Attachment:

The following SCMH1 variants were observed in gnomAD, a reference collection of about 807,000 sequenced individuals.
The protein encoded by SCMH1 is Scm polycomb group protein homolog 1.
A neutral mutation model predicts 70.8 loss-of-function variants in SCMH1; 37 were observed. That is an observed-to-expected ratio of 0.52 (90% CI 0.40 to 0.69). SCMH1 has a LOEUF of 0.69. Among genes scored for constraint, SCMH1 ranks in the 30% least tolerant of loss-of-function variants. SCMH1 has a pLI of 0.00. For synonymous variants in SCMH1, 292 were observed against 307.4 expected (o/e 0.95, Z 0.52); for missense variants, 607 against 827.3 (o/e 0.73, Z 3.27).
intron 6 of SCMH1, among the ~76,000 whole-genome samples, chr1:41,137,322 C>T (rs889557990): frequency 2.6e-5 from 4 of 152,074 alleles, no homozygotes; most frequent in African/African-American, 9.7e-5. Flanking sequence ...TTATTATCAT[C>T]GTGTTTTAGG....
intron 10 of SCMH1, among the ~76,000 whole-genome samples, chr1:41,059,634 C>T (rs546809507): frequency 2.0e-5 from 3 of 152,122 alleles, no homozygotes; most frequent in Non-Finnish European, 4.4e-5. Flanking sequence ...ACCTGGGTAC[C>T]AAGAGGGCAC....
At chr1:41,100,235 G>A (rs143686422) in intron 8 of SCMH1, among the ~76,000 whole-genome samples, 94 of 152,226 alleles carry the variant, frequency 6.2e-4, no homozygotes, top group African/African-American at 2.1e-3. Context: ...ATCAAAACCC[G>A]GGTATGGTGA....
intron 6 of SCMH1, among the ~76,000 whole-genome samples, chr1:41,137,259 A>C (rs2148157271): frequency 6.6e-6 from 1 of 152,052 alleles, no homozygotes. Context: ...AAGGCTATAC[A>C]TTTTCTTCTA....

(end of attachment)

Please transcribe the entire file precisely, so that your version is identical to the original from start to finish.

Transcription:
The following SCMH1 variants were observed in gnomAD, a reference collection of about 807,000 sequenced individuals.
The protein encoded by SCMH1 is Scm polycomb group protein homolog 1.
A neutral mutation model predicts 70.8 loss-of-function variants in SCMH1; 37 were observed. That is an observed-to-expected ratio of 0.52 (90% CI 0.40 to 0.69). SCMH1 has a LOEUF of 0.69. Among genes scored for constraint, SCMH1 ranks in the 30% least tolerant of loss-of-function variants. SCMH1 has a pLI of 0.00. For synonymous variants in SCMH1, 292 were observed against 307.4 expected (o/e 0.95, Z 0.52); for missense variants, 607 against 827.3 (o/e 0.73, Z 3.27).
intron 6 of SCMH1, among the ~76,000 whole-genome samples, chr1:41,137,322 C>T (rs889557990): frequency 2.6e-5 from 4 of 152,074 alleles, no homozygotes; most frequent in African/African-American, 9.7e-5. Flanking sequence ...TTATTATCAT[C>T]GTGTTTTAGG....
intron 10 of SCMH1, among the ~76,000 whole-genome samples, chr1:41,059,634 C>T (rs546809507): frequency 2.0e-5 from 3 of 152,122 alleles, no homozygotes; most frequent in Non-Finnish European, 4.4e-5. Flanking sequence ...ACCTGGGTAC[C>T]AAGAGGGCAC....
At chr1:41,100,235 G>A (rs143686422) in intron 8 of SCMH1, among the ~76,000 whole-genome samples, 94 of 152,226 alleles carry the variant, frequency 6.2e-4, no homozygotes, top group African/African-American at 2.1e-3. Context: ...ATCAAAACCC[G>A]GGTATGGTGA....
intron 6 of SCMH1, among the ~76,000 whole-genome samples, chr1:41,137,259 A>C (rs2148157271): frequency 6.6e-6 from 1 of 152,052 alleles, no homozygotes. Context: ...AAGGCTATAC[A>C]TTTTCTTCTA....